Since 1994, we’ve engaged women from four continents in evaluating and refining this contraceptive barrier. The result is a device that is acceptable to women and their partners in widely diverse regions, even in countries where women had no previous experience using diaphragms.
Primary design evaluations occurred in the United States. Later studies with couples in South Africa, Thailand, and the Dominican Republic confirmed that SILCS fits women from diverse regions, is easy to insert and use, and is acceptable to both partners.
Men in the Dominican Republic even reported enjoying the sensation of sex more when their partners used the SILCS diaphragm—a very positive finding that bodes well for the likelihood of couples using it for both protection and pleasure. Greater protection with greater sensation: why not?
Clinical studies of safety and effectiveness
Clinical studies have tested whether the SILCS diaphragm creates a good barrier to sperm. In the first phase of studies, it performed as well as the standard latex diaphragm in preventing sperm from reaching the cervix when both devices were used with the spermicide Nonoxynol-9. In these studies, the SILCS diaphragm was found to be as safe as a traditional diaphragm.
The next study determined the effectiveness of the SILCS diaphragm as a contraceptive barrier. CONRAD, our research partner and collaborator, implemented the SILCS contraceptive effectiveness study from 2008–2009, with funding from the United States Agency for International Development. Six clinical sites in the United States recruited 450 women who used the SILCS Diaphragm with BufferGel®, a contraceptive gel, to protect from pregnancy. This study confirmed that SILCS and the standard diaphragm offer similar protection. These data will provide the basis for an application to the US Food and Drug Administration for regulatory approval in the United States.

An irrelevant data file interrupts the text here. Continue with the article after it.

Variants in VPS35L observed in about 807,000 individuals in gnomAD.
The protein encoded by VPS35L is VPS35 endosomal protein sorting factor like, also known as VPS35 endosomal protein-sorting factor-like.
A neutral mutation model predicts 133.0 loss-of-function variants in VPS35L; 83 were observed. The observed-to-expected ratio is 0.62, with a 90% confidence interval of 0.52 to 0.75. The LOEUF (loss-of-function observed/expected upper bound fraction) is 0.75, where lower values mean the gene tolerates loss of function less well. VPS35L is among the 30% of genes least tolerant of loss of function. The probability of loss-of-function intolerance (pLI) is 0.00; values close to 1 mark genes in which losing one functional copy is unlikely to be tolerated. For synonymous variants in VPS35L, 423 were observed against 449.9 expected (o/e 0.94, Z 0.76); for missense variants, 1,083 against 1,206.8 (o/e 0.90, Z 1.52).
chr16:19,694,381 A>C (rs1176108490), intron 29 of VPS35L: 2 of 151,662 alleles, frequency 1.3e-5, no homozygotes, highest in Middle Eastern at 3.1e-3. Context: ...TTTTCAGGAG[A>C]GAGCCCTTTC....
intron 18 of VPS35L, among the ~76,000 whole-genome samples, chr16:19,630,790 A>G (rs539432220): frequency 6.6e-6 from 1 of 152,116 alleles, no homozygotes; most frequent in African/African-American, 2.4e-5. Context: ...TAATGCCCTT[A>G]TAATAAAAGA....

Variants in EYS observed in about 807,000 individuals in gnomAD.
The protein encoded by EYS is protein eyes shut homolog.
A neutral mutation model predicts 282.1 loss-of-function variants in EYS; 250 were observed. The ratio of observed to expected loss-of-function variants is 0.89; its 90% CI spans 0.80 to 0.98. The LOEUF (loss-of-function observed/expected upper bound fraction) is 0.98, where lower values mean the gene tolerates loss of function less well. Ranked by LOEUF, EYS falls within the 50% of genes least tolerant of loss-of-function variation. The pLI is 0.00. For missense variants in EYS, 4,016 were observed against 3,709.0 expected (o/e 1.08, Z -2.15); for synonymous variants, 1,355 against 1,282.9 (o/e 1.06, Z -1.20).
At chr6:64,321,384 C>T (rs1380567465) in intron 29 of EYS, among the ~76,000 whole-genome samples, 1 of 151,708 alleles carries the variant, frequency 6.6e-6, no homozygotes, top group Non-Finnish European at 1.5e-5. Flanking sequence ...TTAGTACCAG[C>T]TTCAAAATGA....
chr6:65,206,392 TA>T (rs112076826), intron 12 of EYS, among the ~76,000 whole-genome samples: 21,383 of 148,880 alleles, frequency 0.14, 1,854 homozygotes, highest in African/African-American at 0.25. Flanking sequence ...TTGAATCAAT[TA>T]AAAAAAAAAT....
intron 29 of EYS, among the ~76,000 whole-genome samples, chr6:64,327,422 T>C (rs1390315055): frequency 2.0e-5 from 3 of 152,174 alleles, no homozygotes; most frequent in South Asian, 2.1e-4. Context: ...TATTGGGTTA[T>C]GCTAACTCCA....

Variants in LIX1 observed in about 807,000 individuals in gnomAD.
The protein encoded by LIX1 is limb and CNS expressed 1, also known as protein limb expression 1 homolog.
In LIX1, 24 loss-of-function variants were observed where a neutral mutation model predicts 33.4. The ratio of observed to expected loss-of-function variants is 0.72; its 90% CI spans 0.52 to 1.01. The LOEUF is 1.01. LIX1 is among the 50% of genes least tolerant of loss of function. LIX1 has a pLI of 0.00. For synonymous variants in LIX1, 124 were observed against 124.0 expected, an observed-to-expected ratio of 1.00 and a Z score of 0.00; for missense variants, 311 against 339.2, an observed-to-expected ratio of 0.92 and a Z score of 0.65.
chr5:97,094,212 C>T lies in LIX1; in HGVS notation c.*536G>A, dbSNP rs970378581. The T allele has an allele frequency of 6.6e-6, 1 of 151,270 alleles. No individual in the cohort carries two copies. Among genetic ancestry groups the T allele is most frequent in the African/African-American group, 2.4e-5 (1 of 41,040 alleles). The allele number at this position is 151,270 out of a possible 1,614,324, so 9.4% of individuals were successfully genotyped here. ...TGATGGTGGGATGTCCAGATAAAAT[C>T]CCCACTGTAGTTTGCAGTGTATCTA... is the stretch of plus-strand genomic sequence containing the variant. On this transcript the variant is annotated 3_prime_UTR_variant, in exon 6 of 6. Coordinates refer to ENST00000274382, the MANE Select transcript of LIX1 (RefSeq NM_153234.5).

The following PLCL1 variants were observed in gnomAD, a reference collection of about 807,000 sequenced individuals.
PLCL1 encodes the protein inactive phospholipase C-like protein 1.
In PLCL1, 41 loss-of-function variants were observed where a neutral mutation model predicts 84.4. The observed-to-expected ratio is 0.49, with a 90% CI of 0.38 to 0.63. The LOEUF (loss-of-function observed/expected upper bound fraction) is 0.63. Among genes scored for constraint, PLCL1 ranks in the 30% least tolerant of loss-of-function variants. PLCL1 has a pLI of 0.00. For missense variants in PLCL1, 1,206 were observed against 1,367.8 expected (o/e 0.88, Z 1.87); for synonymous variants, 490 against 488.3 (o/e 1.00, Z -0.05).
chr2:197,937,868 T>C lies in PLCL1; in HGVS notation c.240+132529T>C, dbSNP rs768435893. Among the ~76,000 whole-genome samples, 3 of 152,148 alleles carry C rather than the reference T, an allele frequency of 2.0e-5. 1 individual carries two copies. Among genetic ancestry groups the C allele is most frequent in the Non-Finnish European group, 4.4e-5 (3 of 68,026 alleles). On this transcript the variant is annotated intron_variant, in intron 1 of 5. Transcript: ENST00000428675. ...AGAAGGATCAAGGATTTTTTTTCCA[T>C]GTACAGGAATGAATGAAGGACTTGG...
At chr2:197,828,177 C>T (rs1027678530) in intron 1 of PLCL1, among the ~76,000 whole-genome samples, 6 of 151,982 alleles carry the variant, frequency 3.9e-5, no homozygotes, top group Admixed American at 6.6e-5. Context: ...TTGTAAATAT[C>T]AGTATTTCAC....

On the horizon
PATH and our partners are conducting health system assessments in Uganda, India, and South Africa to understand how the SILCS diaphragm could be successfully integrated into existing family planning or commercial channels. The assessments also will help us understand how women want to obtain this new diaphragm—whether through clinics or outside the clinic system. These results could support countries in making the SILCS diaphragm available, giving women a powerful tool to protect their health.
PATH is working to provide couples not only with contraception, but also protection from STIs. Because clinical guidelines recommend using a diaphragm with contraceptive gel for increased protection, new studies are looking at the SILCS diaphragm as a delivery method for microbicide gel—a topical vaginal product that could help protect women from HIV and other STIs. Once a microbicide gel is approved, the SILCS diaphragm could be used as a microbicide delivery system, allowing dual protection from pregnancy and STIs.
Photo: PATH/Mike Wang.